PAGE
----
Despite widespread objections from securities professionals, the Financial Accounting Standards Board (FASB) is expected to approve a set of policies that would, in most cases, require financial institutions to link the initial transfer of a security and the subsequent repo financing for accounting purposes.
For the ABS industry, the policies would affect the way that dealers and their investor clients book the transactions. In the ABS market, dealers commonly sell an ABS or MBS and loan funds to investors to pay for the security. That dealer can account for the loan as an asset, which can be repaid after the repo settles and the investor claims the security, an accounting expert said.
Dealers commonly account for the security transfer and the repo financing as separate transactions, even when the same counterparties are involved. Referred to as FSP FAS 140-d, the staff position would end that long-standing practice. The policies primarily spell out four specific criteria that must all be met so that the initial transfer of a security and a subsequent repo financing could be considered separate accounting transactions.
That is not the way business is typically done at large financial institutions, accounting sources said. Generally, asset transfers, including securitizations, and repurchase agreements are done in separate departments, as are many of the auditing functions, said Pat Donoghue, project manager for the FSP 140-d at the FASB.
A group of auditors brought the old practice to the FASB's attention and said that the transfers of certain securities and subsequent repo financings should be considered linked for accounting purposes. The FASB agreed with this assessment.
"Anytime you transfer a financial asset, you have to evaluate all the involvements that the transferor has with the financial asset, no matter when that involvement occurs," Donoghue said.
The four criteria are that: the initial transfer and the repo financing are not contractually contingent on one another; the transaction is not non-recourse to the counterparty and the repo is for an affixed price and not fair value; the financial asset be readily obtainable in the marketplace and that the sale and repo are executed at fixed prices determined by market rates; and that the repo matures before the security.
For the second criterion, the FASB reasoned that repo financings based on fair value wind up being dependent on or influenced by the value of the transferred security or a similar one and should be considered linked, Donoghue said. As for the third, the FASB requires that the financial asset be readily obtainable in the marketplace and that the sale and repo are executed at fixed prices determined by market rates.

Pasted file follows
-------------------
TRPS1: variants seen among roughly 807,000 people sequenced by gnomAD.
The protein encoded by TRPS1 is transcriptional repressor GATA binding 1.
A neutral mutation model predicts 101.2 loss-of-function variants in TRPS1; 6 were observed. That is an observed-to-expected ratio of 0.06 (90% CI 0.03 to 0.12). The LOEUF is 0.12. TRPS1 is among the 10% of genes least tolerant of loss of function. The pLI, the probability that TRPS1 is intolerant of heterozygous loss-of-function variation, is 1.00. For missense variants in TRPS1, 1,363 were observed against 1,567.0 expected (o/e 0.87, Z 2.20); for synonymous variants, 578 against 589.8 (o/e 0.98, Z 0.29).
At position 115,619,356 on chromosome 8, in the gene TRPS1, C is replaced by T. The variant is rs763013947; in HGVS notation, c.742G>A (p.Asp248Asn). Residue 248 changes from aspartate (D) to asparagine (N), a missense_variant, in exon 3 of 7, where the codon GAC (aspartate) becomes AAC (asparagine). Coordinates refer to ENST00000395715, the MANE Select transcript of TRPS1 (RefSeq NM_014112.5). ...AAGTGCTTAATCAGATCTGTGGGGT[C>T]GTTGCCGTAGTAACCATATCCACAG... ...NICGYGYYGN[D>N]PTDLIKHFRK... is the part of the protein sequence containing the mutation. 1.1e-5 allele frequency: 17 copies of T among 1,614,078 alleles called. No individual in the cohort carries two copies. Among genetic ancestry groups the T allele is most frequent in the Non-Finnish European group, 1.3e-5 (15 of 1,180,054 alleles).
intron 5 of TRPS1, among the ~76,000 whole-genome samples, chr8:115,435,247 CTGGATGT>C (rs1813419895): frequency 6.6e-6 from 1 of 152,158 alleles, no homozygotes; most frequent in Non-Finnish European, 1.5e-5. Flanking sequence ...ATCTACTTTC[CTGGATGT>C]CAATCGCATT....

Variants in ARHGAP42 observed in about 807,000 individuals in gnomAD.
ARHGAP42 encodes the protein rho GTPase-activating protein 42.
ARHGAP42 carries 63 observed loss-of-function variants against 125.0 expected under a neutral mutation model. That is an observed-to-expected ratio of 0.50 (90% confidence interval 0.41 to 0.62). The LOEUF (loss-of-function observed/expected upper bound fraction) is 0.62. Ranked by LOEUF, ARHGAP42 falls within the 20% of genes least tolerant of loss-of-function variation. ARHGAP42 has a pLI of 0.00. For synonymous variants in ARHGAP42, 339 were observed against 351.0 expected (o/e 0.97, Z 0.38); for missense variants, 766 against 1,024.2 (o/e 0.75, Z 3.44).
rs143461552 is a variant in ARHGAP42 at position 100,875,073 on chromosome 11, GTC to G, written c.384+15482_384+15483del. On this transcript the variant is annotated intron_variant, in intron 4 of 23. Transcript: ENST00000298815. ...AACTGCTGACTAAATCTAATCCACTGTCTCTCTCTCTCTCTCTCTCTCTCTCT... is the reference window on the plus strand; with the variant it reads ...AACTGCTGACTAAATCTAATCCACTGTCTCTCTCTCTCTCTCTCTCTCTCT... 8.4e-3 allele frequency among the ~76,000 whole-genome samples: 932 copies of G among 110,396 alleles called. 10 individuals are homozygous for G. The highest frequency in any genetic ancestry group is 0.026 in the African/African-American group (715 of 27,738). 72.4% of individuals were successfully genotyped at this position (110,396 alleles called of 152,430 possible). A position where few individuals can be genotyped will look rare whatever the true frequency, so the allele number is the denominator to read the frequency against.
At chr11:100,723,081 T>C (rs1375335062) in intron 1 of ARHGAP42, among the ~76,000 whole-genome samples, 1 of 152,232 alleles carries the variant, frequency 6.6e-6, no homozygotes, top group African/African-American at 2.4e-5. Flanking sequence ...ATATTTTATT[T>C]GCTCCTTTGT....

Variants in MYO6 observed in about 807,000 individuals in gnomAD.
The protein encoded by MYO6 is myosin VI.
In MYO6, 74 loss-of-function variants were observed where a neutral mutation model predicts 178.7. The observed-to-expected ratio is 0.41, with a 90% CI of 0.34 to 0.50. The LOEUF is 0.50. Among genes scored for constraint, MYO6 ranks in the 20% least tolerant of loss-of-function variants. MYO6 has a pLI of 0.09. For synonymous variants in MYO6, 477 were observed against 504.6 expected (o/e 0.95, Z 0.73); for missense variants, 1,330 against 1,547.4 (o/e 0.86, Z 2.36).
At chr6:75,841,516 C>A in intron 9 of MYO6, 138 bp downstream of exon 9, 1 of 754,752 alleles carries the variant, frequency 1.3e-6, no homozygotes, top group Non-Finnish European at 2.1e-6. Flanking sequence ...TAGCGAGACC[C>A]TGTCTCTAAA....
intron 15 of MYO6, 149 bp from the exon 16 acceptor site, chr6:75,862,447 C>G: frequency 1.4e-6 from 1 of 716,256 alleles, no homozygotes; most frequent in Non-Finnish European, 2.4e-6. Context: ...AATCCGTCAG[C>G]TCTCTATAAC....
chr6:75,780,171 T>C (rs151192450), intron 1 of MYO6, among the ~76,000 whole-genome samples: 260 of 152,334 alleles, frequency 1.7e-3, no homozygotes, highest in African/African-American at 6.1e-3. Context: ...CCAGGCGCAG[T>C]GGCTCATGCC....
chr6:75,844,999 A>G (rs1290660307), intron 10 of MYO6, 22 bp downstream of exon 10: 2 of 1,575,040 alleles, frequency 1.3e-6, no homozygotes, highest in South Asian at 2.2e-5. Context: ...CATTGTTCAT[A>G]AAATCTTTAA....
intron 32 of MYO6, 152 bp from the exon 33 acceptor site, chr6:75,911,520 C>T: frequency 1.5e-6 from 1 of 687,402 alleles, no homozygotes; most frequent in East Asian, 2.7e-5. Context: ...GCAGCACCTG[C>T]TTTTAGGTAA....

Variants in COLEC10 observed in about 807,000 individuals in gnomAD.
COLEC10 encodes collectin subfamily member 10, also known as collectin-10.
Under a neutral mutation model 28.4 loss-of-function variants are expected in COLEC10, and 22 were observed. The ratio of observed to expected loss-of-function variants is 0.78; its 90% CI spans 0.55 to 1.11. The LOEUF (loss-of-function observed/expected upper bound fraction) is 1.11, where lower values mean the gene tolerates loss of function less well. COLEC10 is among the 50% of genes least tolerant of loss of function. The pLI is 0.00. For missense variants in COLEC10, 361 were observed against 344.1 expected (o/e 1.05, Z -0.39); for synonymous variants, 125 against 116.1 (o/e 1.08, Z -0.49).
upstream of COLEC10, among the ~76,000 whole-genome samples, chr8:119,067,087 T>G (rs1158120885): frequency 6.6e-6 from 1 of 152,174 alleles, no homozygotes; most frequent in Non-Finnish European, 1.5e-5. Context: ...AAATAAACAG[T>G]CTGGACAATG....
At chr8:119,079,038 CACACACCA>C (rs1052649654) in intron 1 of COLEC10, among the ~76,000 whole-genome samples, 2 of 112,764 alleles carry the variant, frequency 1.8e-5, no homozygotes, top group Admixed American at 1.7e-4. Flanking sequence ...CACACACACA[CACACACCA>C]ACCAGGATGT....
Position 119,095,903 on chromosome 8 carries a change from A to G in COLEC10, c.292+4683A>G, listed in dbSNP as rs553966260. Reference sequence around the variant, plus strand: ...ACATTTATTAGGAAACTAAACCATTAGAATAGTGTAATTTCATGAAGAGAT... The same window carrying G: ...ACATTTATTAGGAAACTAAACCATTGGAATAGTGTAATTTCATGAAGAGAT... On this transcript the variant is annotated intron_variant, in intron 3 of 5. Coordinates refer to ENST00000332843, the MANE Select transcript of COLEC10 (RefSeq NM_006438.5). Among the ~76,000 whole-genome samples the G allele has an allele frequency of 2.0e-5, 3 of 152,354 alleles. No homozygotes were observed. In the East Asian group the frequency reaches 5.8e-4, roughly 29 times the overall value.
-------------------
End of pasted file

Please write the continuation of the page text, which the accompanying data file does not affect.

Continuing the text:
"If the asset is not readily attainable and is unique, it is unlikely that anyone other than the transferor would have the knowledge and willingness to provide the financing," Donoghue said.
Those who have raised objections said that routinely linking the transfer of securities and the subsequent repo financing would require firms to undertake extensive and costly system conversions.
Last year, the American Securitization Forum (ASF) issued a comment letter, signed by members of its accounting committee, which questioned the necessity of the FSP, saying that it was based on an entirely new linkage model not contemplated by FAS 140 and designed with a specific transaction in mind.
"We believe that the introduction of a new model to analyze these transactions creates significant operational burdens that far outweigh any incremental benefits to be derived from this new guidance," the letter said.
If the measures are eventually implemented, thereby considering asset transfers and subsequent repo financings as linked, then purchasers and sellers might stop seeing them as assets and sales, one opponent said. Instead, those contracts could potentially be considered as forwarded assets and derivatives, say accounting sources.
Accounting professionals also said the time lapse between the initial transfer and subsequent financing should be evaluated before determining whether the events are linked.
"The longer the timeframe between the two transactions would be evidence that the transactions should not be linked," Robert Axel, vice president and chief accountant at Prudential Financial, wrote in a comment letter. "Conversely, the shorter the timeframe between the two transactions would be evidence that the transactions could be linked."
The participants' intentions as well as the size of an institution, especially those that might have separate trading and repo desks, should be considered in determining whether the events are linked or not, Axel said.
The FASB did make a couple of concessions. The scope of FAS 140-D is limited only to transactions done concurrently or in consideration of the initial transfer, Donoghue said. The FASB also dropped a criterion that would have required the borrower to maintain rights to the collateral and barred the lender from selling or pledging the collateral at any point before the repo settlement, unless the asset is readily obtainable. That requirement, Donoghue said, would have been too costly.
(c) 2008 Asset Securitization Report and SourceMedia, Inc. All Rights Reserved.